Health benefits of licorice
Licorice is popular for its soothing effect on the inflamed mucous membrane of the lungs, throat, stomach and intestine. Licorice is also good for enlarged prostate, ulcers, coughs and bronchitis, allergies, urinary tract irritation, liver disorder, adrenal stress, excema and other immune system disorders.
Licorice known as ‘sweet root’ has a major active ingredient called glycyrrhizic acid that’s almost fifty times sweeter than sugar. Glycyrrhizic acid prevents conversion of testosterone to dydrotestosterone which means it reduces the symptoms of enlarged prostate which are swelling of prostate and frequent urination. Glycyrrhizic acid also reduces inflammation by removing excessive mucous and improving movement of leucocytes in inflamed areas.
Besides glycyrrhizic acid, there are other active ingredients in licorice such as liquiritin and the antioxidant flavonoids called liquiritigenin. Licorice also contains powerful antibacterial compounds (including the ones that kill ulcer-causing bacteria), can lower inflammation, boost immune system and improve blood sugar signaling, canker sores, and reflux (GERD).
Licorice can improve the immune system and reduce inflammation and risk of yeast or fungal infection like Candida:
According to a study published in the International immunopharmacology, the main ingredients in licorice known as antioxidant flavonoids liquiritin and liquiritigenin can increase the immune system and lower the risk of Candida growth. http://www.ncbi.nlm.nih.gov/pubmed/19264152
The results of another study published in the British Journal of Pharmacology indicated that that liquiritigenin has strong anti-inflammatory effects. According to the study, “anti-inflammatory effects of liquiritigenin results from the inhibition of NF-kappaB activation in macrophages, thereby decreasing production of iNOS and proinflammatory cytokines. Also, inhibition by liquiritigenin of paw oedema as well as inflammatory gene induction will help to understand the pharmacology and mode of action of liquiritigenin, and of the anti-inflammatory use of Glycyrrhizae radix”. http://www.ncbi.nlm.nih.gov/pubmed/18332856
Healing stomach ulcers:
Few studies have shown that licorice can treat stomach ulcers. In an animal study, the researchers found out that licorice reduced the number of ulcers in rats by 50%. In yet another study, 90% of all participants who took licorice root fluid extract had fewer symptoms and ulcers disappeared in 22% of the participants.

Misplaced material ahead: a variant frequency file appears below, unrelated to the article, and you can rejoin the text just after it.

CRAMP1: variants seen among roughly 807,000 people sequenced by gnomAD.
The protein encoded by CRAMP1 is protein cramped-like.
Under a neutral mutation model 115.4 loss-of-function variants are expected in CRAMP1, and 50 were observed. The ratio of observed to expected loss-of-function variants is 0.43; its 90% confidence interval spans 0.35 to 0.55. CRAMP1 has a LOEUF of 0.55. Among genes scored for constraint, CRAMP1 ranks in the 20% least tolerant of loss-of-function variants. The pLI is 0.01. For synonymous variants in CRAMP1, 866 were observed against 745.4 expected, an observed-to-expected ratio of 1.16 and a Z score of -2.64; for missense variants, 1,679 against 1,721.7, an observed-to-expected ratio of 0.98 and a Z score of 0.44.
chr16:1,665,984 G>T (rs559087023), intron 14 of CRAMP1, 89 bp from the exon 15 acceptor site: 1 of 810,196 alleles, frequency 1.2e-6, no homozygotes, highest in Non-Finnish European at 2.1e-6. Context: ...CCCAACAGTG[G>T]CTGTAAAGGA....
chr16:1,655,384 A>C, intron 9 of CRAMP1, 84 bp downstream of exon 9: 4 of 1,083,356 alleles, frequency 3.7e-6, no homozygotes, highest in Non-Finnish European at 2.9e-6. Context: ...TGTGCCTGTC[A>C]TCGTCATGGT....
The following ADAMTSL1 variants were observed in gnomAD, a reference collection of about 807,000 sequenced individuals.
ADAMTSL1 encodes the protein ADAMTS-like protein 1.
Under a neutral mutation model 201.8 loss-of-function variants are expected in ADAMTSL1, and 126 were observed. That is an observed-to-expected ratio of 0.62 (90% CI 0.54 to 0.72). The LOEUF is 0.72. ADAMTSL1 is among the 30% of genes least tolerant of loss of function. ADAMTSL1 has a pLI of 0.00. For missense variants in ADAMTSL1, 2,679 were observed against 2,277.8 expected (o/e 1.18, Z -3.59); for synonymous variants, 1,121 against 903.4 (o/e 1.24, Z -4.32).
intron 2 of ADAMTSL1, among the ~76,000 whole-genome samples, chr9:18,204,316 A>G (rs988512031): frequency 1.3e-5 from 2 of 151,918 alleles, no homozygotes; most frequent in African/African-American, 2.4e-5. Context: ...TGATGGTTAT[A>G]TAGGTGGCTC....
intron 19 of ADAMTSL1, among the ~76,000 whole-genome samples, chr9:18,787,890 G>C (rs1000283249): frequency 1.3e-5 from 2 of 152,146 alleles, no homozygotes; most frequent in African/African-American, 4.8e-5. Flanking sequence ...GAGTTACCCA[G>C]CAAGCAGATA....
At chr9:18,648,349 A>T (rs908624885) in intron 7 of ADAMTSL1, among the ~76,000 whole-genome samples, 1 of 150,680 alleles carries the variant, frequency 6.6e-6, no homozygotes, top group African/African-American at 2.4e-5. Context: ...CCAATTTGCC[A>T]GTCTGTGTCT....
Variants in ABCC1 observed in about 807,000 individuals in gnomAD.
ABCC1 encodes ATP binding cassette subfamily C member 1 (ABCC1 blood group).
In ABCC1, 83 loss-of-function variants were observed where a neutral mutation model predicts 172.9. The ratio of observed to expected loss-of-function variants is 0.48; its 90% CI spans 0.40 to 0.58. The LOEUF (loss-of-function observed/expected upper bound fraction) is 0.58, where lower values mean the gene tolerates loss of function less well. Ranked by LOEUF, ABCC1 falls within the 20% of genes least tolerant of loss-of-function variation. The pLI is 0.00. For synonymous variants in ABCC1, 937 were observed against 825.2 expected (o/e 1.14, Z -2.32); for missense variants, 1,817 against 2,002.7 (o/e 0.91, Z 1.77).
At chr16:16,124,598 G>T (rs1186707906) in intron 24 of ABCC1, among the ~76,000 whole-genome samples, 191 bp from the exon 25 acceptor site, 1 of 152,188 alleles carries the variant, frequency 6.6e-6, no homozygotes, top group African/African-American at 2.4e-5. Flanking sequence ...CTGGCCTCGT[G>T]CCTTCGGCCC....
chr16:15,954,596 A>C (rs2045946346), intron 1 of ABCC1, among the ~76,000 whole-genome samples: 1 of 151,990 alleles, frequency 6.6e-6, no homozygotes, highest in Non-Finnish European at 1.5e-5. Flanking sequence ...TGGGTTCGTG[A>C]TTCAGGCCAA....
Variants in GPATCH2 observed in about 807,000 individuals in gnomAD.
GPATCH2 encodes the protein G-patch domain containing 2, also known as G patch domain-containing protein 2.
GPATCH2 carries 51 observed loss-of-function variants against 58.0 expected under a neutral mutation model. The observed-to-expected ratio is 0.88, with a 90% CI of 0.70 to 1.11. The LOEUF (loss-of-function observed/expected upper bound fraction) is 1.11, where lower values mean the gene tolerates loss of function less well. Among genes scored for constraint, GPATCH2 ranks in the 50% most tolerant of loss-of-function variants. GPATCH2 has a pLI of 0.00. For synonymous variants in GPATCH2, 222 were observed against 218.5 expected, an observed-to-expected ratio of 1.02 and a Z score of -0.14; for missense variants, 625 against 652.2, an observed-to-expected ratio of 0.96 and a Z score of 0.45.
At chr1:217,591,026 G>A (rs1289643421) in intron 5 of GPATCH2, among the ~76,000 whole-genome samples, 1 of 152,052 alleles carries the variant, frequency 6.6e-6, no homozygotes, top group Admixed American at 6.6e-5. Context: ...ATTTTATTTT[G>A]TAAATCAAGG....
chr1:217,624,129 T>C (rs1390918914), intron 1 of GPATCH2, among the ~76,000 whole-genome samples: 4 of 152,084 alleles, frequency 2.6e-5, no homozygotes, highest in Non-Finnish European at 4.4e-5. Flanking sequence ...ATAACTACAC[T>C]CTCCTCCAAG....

Helping adrenal fatigue:
Poor eating habits, constant stress, environmental toxics and lack of physical activity can all lead to a condition known as adrenal fatigue. Taking licorice root is known to help adrenal fatigue when the body is under constant stress and the immune system is compromised. The main ingredient in licorice root known as glycyrrhiza can influence cortisol-cortisone balance in the body by reducing the breakdown of cortisol in the blood. Keep in mind, cortisol reacts with aldosterone receptors which increases potassium excretion and sodium reabsorption and results in increased blood pressure levels. Individuals who are taking other diuretics or have high blood pressure should not take licorice.
A study showed that taking licorice root for two month could help people to lose body fat by suppressing hormone aldosterone. In one study, the active ingredient in licorice, glycyrrhetinic acid was a major factor in helping participant to lose fat in their tights. Other studies have shown that licorice helps to reduce body fat and lower bad cholesterol levels.
As beneficial as licorice is people who have had a history of heart disease, heart failure, high blood pressure, diabetes, kidney and liver diseases and cancer should not take licorice. Too much licorice can cause high blood pressure and heart disease and you should consult with your physician before taking licorice.
Licorice should not be used more than 4 to 6 weeks and pregnant or breastfeeding women should not take licorice.